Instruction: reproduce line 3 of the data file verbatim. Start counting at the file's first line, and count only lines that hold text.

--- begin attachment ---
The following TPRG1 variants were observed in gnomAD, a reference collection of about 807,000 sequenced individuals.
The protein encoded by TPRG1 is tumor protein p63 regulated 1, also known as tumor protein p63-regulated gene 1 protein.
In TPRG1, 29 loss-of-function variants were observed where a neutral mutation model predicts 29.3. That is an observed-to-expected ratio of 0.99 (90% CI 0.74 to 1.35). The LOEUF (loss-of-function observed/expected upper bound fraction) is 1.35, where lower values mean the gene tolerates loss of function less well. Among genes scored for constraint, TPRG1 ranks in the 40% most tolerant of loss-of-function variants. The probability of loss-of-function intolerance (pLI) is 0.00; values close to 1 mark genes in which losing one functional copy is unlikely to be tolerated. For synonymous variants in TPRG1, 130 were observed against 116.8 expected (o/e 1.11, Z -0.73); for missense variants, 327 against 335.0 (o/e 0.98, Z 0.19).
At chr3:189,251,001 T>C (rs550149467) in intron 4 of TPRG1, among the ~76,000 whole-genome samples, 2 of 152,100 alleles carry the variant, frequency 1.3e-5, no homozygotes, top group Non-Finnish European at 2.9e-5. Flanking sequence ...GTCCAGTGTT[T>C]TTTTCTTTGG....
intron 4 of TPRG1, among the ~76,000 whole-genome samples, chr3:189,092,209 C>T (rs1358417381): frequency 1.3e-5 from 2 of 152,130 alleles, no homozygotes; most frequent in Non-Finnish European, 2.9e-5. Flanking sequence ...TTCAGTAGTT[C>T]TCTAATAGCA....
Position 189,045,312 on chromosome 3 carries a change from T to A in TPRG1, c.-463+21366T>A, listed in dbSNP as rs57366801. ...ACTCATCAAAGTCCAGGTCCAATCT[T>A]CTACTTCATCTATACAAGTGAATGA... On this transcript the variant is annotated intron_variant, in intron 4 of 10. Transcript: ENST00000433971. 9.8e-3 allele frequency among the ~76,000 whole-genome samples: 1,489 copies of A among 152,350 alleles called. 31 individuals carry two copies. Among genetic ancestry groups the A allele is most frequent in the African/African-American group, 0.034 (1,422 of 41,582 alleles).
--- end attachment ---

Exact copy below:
In TPRG1, 29 loss-of-function variants were observed where a neutral mutation model predicts 29.3. That is an observed-to-expected ratio of 0.99 (90% CI 0.74 to 1.35). The LOEUF (loss-of-function observed/expected upper bound fraction) is 1.35, where lower values mean the gene tolerates loss of function less well. Among genes scored for constraint, TPRG1 ranks in the 40% most tolerant of loss-of-function variants. The probability of loss-of-function intolerance (pLI) is 0.00; values close to 1 mark genes in which losing one functional copy is unlikely to be tolerated. For synonymous variants in TPRG1, 130 were observed against 116.8 expected (o/e 1.11, Z -0.73); for missense variants, 327 against 335.0 (o/e 0.98, Z 0.19).